A granite monument of the Ten Commandments on the grounds of the Texas State Capitol was the topic of a 2005 U.S. Supreme Court case, Van Orden v. Perry, in which the display was challenged as unconstitutional.[25] In late June 2005, the Court in a 5–4 ruling declared that the display was not unconstitutional.





See also[edit]


  1. ^ a b "Texas State Capitol". National Park Service. Archived from the original on 2009-11-13. Retrieved 2009-09-05.
  2. ^ "National Register Information System". National Register of Historic Places. National Park Service. March 13, 2009.
  3. ^ a b c John C. Ferguson (December 1985). "National Register of Historic Places Inventory-Nomination: Texas State Capitol" (pdf). National Park Service. {{cite journal}}: Cite journal requires |journal= (help) and Accompanying 11 photos, exterior and interior, from 1980 and 1985 (32 KB)
  4. ^ "It's True: Texas Capitol Stands Taller Than Nation's". Orlando Sentinel. January 14, 1999. Retrieved August 6, 2018.
  5. ^ Frangos, Alex (February 7, 2007). "Americans' Favorite Buildings". The Wall Street Journal. Retrieved August 6, 2018.
  6. ^ "The Evolution of a Great State's Capitol". The Illustrated American. New York City. 21 (362): 108–9. January 16, 1897. Retrieved March 6, 2015.
  7. ^ Cotner, Robert C. (1968). The Texas State Capitol. Austin: Pemberton Press. pp. 15–17. ISBN 0-292-73703-3.
  8. ^ a b Texas State Historical Society, Handbook of Texas.Texas State Historical Society. "Capitol". Retrieved February 2, 2022.
  9. ^ "N. L. Norton, W. H. Westfall, and G. W. Lacy". Waymarking.com. Retrieved February 4, 2022.
  10. ^ "Austin and Northwestern Railroad". Texas State Historical Association. Retrieved February 4, 2022.
  11. ^ Clark, John. "Waters Park, TX". Texas State Historical Association. Retrieved 15 June 2015.
  12. ^ Butler, Wayne. "Milwood History". Milwood Neighborhood Association. Retrieved 15 June 2015.
  13. ^ Green, Walter Elton. "Capitol". Handbook of Texas Online. Retrieved November 21, 2011.
  14. ^ a b "Texas State Capitol Building - Historical Marker Text". Texas Escapes. Retrieved January 1, 2018.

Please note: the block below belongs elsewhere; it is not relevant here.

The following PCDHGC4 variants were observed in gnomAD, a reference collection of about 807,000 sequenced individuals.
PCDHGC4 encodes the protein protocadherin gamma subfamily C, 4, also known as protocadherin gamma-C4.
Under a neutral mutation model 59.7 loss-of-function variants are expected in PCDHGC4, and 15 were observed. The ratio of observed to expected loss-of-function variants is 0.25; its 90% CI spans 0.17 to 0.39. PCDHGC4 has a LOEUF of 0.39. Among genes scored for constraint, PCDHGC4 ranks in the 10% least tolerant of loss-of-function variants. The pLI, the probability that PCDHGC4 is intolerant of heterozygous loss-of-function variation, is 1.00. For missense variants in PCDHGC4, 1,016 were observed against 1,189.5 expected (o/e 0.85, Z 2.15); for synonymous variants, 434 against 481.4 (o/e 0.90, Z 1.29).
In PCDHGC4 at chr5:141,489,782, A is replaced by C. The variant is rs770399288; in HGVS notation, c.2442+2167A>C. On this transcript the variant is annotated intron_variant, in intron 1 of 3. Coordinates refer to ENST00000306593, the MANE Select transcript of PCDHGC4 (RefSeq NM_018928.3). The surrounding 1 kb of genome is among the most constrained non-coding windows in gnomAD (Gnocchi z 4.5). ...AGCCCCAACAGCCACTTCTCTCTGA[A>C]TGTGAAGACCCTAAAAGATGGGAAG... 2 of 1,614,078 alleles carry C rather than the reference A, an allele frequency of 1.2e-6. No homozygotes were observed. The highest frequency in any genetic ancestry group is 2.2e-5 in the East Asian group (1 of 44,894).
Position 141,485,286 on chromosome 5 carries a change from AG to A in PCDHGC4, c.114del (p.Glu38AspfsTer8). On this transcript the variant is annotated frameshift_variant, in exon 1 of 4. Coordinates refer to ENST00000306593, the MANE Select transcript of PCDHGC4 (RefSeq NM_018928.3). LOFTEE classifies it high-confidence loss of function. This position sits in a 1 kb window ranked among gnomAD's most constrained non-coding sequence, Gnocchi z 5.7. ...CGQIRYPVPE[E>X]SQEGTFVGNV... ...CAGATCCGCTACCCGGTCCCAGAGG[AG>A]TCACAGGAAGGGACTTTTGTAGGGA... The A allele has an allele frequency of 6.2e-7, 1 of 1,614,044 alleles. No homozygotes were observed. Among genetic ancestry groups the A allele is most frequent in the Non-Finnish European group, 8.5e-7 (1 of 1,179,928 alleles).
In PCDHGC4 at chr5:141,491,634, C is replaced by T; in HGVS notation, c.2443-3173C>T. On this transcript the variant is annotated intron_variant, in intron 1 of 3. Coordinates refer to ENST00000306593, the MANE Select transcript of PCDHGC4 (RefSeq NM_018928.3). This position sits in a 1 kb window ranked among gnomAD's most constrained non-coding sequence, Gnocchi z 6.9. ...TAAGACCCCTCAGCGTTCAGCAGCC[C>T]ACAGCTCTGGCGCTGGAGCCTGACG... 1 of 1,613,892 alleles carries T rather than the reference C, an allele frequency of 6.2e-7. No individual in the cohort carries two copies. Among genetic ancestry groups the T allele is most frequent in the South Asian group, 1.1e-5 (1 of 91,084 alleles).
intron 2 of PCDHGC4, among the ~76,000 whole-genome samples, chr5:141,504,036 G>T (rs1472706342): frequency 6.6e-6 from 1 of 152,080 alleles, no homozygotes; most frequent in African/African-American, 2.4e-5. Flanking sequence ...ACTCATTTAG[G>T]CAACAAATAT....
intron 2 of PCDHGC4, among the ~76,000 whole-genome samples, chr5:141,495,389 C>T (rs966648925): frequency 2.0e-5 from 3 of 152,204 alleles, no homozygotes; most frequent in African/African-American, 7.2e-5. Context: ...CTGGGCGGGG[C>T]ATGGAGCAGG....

15. ^ Barnes, Michael (May 4, 2013). "State Capitol dedication the party of a lifetime". Austin American-Statesman. Retrieved January 1, 2018.
  16. ^ a b "Zoning Change Review Sheet". City of Austin. Retrieved October 31, 2017.
  17. ^ "Background on the Capitol View Corridors Issue" (PDF). Preservation Austin. Retrieved November 8, 2017.
  18. ^ "SB 176, 68th Regular Session". Legislative Reference Library. Retrieved November 14, 2017.
  19. ^ "Government Code Chapter 3151. Preservation of View of State Capitol". Texas Constitution and Statutes. Retrieved November 14, 2017.
  20. ^ "APPENDIX A. - BOUNDARIES OF THE CAPITOL VIEW CORRIDORS". Municode Library. Retrieved November 14, 2017.
  21. ^ Applebome, Peter; Times, Special To the New York (1986-06-13). "FOR TEXANS, A RELUCTANT MISS LIBERTY". The New York Times. ISSN 0362-4331. Retrieved 2022-07-05.
  22. ^ Green, William Elton (June 12, 2010). "Handbook of Texas". Retrieved January 1, 2018.
  23. ^ "SPB - Capitol Restoration and Expansion". tspb.texas.gov. Retrieved 2019-12-16.
  24. ^ "Grounds and Monuments". Texas State Preservation Board. Retrieved November 21, 2011.
  25. ^ Broadway, Bill (October 23, 2004). "A New Judgment Day For Decalogue Displays". Washington Post. Retrieved November 21, 2011.

External links[edit]

Preceded by
Tallest Building in Austin
95 m
Succeeded by